- Blockchain start-up Ripple said Tuesday that Rosie Rios, the 43rd treasurer of the U.S., would join its board of directors.
- Ripple also hired Kristina Campbell, previously an executive at fintech firms Green Dot and PayNearMe, as its chief financial officer.
- The SEC has charged Ripple and two of its executives with conducting an illegal securities offering.
Blockchain start-up Ripple said Tuesday it had appointed former U.S. Treasurer Rosie Rios to its board, as the company battles a lawsuit from the Securities and Exchange Commission.
Ripple said Rios, the 43rd treasurer of the U.S. who served under President Barack Obama, would join its board of directors while it has also hired Kristina Campbell, previously an executive at fintech firms Green Dot and PayNearMe, as its chief financial officer.
"I've dedicated my career to financial inclusion and empowerment, which requires bringing new and innovative solutions to staid processes," Rios said in a statement.
"Ripple is one of the best examples of how to use cryptocurrency in a substantive and legitimate role to facilitate payments globally."
San Francisco-based Ripple uses blockchain technology to send money across borders for banks and other financial institutions, touting its platform as a more efficient alternative to the interbank messaging network SWIFT. But it also uses XRP, a digital asset it says can act as a "bridge currency" for converting one currency to another in a matter of seconds.
Ripple has benefited from the surging interest in digital currencies like bitcoin. It owns most of the XRP tokens in circulation and sells a tiny fraction of its holdings each month. XRP is now up more than 500% year to date.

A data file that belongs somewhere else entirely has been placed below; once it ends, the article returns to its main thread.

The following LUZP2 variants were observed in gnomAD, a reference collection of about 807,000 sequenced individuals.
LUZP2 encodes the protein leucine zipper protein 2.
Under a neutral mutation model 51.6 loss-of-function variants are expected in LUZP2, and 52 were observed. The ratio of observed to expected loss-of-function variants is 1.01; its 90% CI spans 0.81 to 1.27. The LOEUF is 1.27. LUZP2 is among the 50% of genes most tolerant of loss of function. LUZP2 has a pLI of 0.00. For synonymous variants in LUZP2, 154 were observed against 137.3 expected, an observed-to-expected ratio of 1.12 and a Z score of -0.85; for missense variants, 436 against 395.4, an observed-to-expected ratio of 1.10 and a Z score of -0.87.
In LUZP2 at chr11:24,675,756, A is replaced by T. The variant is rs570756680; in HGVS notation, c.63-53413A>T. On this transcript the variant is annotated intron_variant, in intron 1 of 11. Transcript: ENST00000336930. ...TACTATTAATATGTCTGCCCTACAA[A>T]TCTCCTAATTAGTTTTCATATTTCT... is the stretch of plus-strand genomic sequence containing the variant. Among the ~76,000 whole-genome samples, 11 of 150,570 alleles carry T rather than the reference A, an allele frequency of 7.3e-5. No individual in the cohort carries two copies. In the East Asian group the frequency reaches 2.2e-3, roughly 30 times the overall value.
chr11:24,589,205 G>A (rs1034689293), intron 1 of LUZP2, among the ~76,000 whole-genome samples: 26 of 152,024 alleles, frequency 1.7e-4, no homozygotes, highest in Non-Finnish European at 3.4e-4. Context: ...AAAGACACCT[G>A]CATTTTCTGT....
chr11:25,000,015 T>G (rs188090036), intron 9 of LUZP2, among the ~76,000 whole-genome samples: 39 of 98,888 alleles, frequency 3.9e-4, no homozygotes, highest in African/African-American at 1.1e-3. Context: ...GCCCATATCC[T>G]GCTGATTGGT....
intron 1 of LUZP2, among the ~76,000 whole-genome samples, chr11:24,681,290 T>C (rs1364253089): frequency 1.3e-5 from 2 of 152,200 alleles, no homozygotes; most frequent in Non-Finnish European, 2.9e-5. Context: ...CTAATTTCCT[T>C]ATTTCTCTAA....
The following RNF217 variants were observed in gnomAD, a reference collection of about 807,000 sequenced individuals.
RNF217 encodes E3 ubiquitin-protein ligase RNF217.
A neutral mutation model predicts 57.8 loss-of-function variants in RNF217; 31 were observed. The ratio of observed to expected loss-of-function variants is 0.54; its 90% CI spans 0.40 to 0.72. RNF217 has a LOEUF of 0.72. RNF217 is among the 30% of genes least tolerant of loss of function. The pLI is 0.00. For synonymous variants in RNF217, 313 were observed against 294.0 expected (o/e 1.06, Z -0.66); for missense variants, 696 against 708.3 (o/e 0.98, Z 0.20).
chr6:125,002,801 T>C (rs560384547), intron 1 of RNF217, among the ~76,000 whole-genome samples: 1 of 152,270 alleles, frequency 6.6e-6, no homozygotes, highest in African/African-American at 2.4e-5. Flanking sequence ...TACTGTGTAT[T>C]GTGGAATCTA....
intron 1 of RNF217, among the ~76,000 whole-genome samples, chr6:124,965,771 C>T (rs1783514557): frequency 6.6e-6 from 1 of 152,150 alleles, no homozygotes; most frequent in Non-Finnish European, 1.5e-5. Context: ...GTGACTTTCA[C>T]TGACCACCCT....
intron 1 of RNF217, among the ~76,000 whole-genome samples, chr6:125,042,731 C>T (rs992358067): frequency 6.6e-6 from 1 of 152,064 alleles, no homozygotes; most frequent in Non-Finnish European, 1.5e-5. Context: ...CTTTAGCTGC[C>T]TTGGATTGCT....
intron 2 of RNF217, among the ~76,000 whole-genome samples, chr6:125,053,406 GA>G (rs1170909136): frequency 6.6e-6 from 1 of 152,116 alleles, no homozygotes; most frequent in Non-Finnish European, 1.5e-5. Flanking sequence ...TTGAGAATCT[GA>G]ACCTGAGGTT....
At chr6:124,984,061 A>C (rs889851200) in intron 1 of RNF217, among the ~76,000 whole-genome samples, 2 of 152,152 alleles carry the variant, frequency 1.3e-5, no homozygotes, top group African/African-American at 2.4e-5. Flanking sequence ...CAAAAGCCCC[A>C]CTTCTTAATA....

At the same time, the company faces a major legal headwind in the United States. The Securities and Exchange Commission charged Ripple, co-founder Christian Larsen and CEO Brad Garlinghouse with conducting an illegal securities offering that allegedly raised more than $1.3 billion through sales of XRP.
Ripple denies the SEC allegations, contending that XRP is a currency rather than an investment contract.
"Rosie's experience in the public and private sectors provides an invaluable perspective to Ripple, especially during this time as the industry works to define crypto's future," Garlinghouse said in a statement.
"We are extremely fortunate to have them on the team as we continue our rapid international growth and to champion for regulatory clarity in the U.S."
Ripple says customer demand for its cross-border payments network remains strong. The company was last privately valued at $10 billion and is backed by the likes of Japanese financial services giant SBI Holdings, Spanish bank Santander and top venture capital firms including Andreessen Horowitz, Lightspeed and Peter Thiel's Founders Fund.